Purchase with purpose this Christmas season

7 October in Insights by joanna  

UCB was pleased to e-meet a young social entrepreneur who makes candles for social impact. Nimra is based in Pakistan and empowers local farmers and women who work with soy wax. To order candles with impact, visit The Duende Shop

This is what Nimra had to say about her work:

I am Nimra Babar, a social entrepreneur working on developing local farmers and empowering women. I am the owner of The Duende Shop, which specializes in making sustainable scented candles made from high-quality soy wax and eco-friendly wicks. Each piece is handcrafted by myself, with all proceeds going towards helping my community. I’m passionate about sustainability and making everyday products that improve people’s lives. It’s my mission to use eco-friendly ingredients, reduce their carbon footprint and encourage people to celebrate the power of creating happiness in each moment of their day.

Pakistan is a developing country, but farmers still use traditional methods to cultivate crops. They are using old techniques that increase cost, not efficiency and yield. I am creating a platform to empower women and local farmers who are not getting opportunities in the market. This platform will provide job opportunities for them by conducting training sessions about raising high yields and proper farming techniques to provide them with training sessions and encourage them to thrive and grow. Unfortunately, not everyone has equal opportunities in Pakistan; some girls have to marry at a very young age or if they do choose a career, they don’t get the proper training or are not encouraged to develop their minds through education.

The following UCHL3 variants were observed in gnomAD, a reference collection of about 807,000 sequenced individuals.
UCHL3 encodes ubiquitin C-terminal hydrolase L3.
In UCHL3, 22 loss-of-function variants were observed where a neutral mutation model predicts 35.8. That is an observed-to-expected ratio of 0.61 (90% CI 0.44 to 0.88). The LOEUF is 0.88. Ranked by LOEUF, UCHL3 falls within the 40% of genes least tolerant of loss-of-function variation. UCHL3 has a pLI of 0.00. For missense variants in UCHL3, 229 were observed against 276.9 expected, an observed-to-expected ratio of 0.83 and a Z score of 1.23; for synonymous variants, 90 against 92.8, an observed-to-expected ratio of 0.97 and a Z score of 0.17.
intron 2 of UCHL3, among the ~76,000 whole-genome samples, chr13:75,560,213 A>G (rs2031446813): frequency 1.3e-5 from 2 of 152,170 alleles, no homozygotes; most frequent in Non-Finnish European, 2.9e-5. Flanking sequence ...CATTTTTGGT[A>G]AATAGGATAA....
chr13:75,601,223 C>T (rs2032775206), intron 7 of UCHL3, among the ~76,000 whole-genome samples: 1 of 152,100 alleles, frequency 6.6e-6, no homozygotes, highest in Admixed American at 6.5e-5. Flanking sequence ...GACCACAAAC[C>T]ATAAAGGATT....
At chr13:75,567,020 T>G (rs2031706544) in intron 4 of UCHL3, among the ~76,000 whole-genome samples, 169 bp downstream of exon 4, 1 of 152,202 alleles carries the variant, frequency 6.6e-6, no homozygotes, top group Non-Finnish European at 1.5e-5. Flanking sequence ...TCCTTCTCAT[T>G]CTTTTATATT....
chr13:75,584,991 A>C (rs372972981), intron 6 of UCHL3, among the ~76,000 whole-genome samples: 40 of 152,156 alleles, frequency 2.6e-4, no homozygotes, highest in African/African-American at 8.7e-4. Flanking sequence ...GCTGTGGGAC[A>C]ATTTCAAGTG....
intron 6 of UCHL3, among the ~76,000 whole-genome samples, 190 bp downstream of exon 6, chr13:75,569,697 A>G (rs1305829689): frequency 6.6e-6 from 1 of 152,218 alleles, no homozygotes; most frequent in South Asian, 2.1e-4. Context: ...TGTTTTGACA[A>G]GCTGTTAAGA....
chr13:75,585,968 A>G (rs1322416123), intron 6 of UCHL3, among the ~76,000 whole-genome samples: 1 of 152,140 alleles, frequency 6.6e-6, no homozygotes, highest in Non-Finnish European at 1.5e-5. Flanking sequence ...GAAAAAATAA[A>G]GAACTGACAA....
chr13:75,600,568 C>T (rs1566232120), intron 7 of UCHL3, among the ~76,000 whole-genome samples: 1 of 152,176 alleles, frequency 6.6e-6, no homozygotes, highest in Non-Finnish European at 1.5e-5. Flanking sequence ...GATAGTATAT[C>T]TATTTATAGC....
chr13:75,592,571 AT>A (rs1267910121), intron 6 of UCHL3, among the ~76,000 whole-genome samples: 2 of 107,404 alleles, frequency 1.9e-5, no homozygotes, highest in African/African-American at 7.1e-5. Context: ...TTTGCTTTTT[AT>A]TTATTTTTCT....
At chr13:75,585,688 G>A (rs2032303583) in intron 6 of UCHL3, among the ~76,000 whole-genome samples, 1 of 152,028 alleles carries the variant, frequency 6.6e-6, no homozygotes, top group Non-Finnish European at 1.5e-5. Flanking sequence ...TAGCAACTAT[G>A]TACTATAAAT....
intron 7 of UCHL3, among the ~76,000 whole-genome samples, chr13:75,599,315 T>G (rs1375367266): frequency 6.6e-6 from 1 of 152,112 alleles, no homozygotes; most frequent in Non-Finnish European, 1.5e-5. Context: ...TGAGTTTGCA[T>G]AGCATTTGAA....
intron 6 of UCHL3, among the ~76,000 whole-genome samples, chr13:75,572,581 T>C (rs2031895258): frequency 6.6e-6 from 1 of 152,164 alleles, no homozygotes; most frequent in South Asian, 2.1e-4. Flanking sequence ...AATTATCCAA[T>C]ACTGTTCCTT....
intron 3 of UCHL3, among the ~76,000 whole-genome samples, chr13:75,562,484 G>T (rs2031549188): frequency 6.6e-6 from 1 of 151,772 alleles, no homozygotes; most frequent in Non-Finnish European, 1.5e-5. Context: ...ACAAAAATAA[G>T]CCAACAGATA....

The female labour force participation (FLFP) in Pakistan is estimated at 22 per cent, while only one-quarter of the women are working or looking for jobs compared with 85 per cent of men in Pakistan. This shows either lack of job opportunities for female workers or a lack of a favourable working environment. Despite constitutional protection, women are being exploited and discriminated against in all spheres of life. There is a tangible gap between policies, their execution, implementation and practice. We confidently say that a major factor in this gap is the enactment of laws and policies to tackle the problems of discrimination, lynching and violence against women at any level. Because of weak institutional setup, females avoid mobility, access to education, access to health facilities, and lower decision-making power and thus face a high rate of domestic violence. Several barriers prevent women from getting equal opportunities in work and holding positions of responsibility. Due to cultural mindsets and stereotypes, women face occupational segregation and multiple barriers—such as lack of access to land, capital, financial resources and technology, and gender-based violence. These obstacles make it harder for women to get on an equal footing with men in the world of work. Gender-based discrimination—where women face unequal treatment and pay compared to men—is one of the major impediments facing women worldwide. While countries are progressing towards ending all types of violence against women, discriminatory practices in the workplace can continue to sap women’s opportunities and equality in society. Girls and women don’t have a properly structured platform where they can see their potential and earn to contribute as working women.